Purdue University researchers are aiming to stump counterfeiters with an edible "security tag" embedded into medicine. CREDIT: PURDUE UNIVERSITY/ERIN EASTERLING
WEST LAFAYETTE, IN, — Manufacturing prescription drugs with distinct markings, colors, shapes, or packaging isn't enough to protect them from counterfeiting, US Drug Enforcement Administration reports have shown.
Purdue University researchers are aiming to stump counterfeiters with an edible "security tag" embedded into medicine. To imitate the drug, a counterfeiter would have to uncrack a complicated puzzle of patterns not fully visible to the naked eye.
The work is published in the journal Nature Communications. A YouTube video is available at https:/
Fake medicine is a thriving business, making up at least 10 percent of global pharmaceutical commerce while also claiming thousands of lives each year.
In the US, counterfeit drugs range from cancer and diabetes treatment to erectile dysfunction medication. Counterfeit opioids have caused deaths in 46 states.
Tagging drugs would not only guard against fakery, but also help pharmacies better verify the legitimacy of a drug before selling to consumers.
"Every single tag is unique, offering a much higher level of security," said Young Kim, an associate professor in Purdue's Weldon School of Biomedical Engineering.
Credit: Purdue University photo/Jung Woo Leem
The tag acts as a digital fingerprint for each drug capsule or tablet, using an authentication technique called "physical unclonable functions," or PUF, that was originally developed for information and hardware security.
PUFs have the ability to generate a different response each time that they are stimulated, rendering them unpredictable and extremely difficult to duplicate. Even the manufacturer wouldn't be able to re-create an identical PUF tag.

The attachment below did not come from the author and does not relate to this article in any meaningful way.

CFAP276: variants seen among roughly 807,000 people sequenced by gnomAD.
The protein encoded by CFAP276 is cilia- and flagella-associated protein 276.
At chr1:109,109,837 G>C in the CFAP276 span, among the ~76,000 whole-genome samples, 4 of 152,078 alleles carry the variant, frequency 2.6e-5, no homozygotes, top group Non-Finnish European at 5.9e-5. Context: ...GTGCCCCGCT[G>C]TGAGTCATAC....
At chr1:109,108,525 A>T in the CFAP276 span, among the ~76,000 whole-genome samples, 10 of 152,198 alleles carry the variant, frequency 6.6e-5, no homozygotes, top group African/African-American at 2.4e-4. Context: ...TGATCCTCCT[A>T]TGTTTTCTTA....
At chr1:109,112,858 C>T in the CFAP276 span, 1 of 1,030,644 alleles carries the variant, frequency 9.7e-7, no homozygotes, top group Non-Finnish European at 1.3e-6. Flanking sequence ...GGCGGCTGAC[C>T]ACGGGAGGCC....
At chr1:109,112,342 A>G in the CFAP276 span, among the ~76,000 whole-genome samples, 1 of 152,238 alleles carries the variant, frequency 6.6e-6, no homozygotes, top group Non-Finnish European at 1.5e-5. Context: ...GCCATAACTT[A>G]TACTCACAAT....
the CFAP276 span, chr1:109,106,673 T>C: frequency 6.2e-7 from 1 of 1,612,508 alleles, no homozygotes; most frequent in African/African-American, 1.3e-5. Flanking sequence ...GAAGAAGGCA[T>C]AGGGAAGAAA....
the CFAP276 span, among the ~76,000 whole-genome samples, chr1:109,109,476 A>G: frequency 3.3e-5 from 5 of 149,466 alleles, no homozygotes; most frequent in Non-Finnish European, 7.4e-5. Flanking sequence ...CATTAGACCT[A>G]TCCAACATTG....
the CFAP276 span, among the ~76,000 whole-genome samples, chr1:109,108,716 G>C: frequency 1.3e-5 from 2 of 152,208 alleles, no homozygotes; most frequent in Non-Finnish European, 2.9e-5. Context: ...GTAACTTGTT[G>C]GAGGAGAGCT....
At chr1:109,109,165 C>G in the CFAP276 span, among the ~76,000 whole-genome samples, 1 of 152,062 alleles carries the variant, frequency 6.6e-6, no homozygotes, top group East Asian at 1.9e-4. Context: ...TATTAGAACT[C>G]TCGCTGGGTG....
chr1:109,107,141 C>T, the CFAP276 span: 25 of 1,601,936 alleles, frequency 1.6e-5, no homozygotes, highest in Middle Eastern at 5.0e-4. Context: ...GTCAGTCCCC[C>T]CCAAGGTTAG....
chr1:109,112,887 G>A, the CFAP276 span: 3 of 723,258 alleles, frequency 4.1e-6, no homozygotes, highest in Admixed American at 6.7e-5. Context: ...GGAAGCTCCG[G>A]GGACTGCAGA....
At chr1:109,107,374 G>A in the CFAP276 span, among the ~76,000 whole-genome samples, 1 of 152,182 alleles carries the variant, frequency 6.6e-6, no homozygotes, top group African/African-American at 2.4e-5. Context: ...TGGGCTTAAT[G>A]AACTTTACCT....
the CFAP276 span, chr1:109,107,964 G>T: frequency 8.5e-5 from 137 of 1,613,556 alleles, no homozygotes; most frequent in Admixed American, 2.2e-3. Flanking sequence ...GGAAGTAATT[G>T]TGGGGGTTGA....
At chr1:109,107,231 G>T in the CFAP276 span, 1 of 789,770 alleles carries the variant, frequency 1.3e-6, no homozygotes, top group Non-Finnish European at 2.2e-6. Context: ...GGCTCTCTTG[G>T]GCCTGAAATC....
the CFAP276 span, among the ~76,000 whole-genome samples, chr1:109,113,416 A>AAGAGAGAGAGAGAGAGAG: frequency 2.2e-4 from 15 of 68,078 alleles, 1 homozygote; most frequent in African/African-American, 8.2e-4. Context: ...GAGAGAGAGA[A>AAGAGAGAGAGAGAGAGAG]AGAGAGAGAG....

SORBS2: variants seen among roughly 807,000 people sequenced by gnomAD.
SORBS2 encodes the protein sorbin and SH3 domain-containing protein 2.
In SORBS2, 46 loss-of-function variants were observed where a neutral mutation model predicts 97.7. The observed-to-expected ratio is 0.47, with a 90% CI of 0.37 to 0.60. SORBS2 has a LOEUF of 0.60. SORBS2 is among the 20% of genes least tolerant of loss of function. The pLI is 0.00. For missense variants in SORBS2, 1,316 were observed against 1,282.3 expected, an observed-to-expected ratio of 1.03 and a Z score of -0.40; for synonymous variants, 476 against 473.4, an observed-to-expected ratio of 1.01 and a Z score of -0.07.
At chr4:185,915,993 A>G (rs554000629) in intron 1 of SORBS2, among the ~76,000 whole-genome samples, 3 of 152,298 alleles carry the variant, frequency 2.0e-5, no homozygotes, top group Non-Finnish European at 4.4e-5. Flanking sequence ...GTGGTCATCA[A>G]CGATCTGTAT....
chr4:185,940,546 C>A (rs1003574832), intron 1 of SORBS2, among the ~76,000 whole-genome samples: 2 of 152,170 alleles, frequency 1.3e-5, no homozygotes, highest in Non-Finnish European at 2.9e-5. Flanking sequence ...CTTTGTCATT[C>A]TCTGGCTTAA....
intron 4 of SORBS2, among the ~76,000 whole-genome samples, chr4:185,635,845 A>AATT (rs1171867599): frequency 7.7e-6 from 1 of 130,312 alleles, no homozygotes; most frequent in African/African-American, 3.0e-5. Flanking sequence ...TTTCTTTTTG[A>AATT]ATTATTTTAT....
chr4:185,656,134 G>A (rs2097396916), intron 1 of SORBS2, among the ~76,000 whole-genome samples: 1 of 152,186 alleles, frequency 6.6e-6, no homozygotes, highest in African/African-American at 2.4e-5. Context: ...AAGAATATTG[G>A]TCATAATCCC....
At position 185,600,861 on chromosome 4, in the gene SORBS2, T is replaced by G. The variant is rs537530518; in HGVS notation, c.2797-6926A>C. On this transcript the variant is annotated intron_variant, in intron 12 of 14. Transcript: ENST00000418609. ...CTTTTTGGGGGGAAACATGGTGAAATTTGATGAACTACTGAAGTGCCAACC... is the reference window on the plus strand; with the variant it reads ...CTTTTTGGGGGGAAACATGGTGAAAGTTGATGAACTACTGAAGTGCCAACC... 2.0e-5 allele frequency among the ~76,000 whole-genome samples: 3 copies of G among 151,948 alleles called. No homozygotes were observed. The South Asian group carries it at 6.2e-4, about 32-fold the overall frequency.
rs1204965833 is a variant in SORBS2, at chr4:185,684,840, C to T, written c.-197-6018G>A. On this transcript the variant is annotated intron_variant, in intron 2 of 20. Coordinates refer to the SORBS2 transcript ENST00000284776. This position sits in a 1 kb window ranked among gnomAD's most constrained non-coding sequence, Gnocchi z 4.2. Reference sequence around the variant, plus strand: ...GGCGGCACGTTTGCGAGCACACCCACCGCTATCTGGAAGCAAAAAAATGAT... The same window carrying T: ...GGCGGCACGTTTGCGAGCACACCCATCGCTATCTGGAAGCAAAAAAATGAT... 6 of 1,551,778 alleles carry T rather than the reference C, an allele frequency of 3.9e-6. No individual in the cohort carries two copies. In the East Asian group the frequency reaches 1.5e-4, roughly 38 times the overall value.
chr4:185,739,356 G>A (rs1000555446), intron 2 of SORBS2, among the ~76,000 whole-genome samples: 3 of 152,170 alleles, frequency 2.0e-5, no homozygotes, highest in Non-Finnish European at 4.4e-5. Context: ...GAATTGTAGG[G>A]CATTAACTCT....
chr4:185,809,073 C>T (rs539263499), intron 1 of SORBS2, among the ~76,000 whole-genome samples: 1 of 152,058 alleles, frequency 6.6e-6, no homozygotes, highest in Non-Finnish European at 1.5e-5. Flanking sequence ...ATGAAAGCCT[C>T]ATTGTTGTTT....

Kim's group is the first to create an edible PUF—a thin, transparent film made of silk proteins and fluorescent proteins genetically fused together. Because the tag is easily digestible and made entirely of proteins, it can be consumed as part of a pill or tablet.
Shining various LED light sources on the tag excites the fluorescent silk microparticles, causing them to generate a different random pattern each time. The microparticles emit cyan, green, yellow, or red fluorescent colors.
Digital bits can then be extracted from an image of those patterns to produce a security key, which a pharmacy or patient would use to confirm that a drug is authentic.
The researchers are currently converting this process to a smartphone app for both pharmacies and consumers.
"Our concept is to use a smartphone to shine an LED light on the tag and take a picture of it. The app then identifies if the medicine is genuine or fake," said Jung Woo Leem, a postdoctoral associate in biomedical engineering at Purdue.
The tag also has the potential to hold much more information than simply a confirmation of what the drug is, Leem said, such as the dose and expiration date.
Leem found that the tag works for at least a two-month period without the proteins degrading. Next, the team will need to confirm that the tag could last as long as a drug does and that it doesn't affect a medicine's key ingredients or potency.